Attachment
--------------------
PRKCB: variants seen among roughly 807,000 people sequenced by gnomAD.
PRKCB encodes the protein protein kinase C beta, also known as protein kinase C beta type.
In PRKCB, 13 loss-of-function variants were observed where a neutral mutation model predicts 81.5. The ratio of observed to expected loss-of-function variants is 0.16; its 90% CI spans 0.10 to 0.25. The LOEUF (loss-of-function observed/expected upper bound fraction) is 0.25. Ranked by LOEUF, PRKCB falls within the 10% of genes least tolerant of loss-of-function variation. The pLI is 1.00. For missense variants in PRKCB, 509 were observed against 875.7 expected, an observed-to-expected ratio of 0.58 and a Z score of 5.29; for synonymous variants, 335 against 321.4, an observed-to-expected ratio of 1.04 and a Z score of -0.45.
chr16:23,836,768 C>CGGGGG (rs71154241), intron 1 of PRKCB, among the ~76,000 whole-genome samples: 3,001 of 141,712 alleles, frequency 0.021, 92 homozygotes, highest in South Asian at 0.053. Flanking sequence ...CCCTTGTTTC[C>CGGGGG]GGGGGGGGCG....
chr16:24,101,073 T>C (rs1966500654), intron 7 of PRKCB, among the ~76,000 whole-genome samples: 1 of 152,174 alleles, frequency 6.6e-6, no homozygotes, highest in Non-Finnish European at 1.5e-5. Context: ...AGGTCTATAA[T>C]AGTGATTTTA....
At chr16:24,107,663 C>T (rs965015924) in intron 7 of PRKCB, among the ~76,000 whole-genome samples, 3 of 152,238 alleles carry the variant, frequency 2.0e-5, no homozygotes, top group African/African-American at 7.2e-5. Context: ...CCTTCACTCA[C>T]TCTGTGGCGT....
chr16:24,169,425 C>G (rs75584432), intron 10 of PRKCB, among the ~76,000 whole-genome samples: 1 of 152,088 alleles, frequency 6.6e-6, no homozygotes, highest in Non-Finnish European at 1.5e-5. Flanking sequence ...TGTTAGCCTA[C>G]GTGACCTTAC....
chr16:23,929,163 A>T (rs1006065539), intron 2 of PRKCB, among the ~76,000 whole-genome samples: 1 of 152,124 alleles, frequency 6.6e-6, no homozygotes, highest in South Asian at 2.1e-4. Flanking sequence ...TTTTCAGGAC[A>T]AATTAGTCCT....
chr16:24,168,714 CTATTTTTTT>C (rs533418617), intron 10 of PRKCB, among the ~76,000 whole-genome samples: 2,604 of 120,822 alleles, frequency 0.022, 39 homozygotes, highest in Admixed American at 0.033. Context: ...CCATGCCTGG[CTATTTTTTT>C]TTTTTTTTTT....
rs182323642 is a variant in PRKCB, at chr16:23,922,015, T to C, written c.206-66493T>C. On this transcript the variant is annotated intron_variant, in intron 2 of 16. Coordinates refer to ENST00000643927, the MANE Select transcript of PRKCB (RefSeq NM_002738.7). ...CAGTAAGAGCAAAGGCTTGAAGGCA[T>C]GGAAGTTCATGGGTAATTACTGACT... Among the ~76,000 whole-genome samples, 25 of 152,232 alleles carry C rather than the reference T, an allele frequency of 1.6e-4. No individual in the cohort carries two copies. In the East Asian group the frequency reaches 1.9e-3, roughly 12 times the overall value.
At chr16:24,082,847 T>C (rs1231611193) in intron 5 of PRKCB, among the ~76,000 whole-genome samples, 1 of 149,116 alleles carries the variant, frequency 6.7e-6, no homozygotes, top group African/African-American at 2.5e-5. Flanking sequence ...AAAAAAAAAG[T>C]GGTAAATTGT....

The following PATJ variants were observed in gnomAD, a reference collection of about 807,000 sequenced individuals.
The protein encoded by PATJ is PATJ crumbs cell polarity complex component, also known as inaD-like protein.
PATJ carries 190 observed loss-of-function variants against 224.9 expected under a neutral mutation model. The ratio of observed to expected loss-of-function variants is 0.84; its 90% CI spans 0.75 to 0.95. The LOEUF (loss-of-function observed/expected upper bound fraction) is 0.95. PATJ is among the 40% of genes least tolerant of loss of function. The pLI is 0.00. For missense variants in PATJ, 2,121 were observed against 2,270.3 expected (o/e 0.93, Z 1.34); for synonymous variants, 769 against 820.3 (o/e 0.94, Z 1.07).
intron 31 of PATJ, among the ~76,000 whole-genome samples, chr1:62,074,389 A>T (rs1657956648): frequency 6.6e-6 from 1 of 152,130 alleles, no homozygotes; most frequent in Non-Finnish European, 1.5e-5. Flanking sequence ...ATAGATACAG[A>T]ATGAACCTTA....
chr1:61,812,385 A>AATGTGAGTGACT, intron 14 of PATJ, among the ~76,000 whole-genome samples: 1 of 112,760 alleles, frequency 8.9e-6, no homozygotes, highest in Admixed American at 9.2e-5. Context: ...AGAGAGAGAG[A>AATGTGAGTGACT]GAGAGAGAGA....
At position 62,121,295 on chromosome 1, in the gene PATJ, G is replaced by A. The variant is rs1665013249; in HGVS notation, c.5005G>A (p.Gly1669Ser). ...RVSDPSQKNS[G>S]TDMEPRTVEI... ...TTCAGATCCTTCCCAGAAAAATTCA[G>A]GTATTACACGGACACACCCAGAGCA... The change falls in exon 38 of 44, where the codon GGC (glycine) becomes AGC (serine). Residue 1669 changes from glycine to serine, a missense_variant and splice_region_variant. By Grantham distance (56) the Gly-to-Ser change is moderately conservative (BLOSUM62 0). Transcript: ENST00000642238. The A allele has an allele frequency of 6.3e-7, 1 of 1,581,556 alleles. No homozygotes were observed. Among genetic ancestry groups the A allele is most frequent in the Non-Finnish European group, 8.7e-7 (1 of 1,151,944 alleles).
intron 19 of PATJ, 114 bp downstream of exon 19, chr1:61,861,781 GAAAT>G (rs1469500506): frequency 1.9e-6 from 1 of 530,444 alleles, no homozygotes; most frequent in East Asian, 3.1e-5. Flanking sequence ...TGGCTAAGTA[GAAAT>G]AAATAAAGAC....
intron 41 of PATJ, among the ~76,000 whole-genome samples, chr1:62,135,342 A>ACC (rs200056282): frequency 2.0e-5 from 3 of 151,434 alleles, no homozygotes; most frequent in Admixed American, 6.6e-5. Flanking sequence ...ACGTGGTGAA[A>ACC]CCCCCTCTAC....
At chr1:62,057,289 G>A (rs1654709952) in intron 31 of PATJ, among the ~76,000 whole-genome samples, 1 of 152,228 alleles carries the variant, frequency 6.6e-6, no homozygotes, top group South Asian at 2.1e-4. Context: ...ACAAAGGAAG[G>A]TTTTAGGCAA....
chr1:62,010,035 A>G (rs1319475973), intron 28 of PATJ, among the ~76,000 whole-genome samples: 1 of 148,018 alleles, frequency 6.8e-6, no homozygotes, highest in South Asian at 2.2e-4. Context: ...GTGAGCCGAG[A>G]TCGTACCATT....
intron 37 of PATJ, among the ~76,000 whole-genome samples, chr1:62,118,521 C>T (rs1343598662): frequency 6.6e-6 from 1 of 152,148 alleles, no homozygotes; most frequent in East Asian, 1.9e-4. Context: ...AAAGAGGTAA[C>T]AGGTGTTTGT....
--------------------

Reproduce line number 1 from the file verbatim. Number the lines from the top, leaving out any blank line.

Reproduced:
PRKCB: variants seen among roughly 807,000 people sequenced by gnomAD.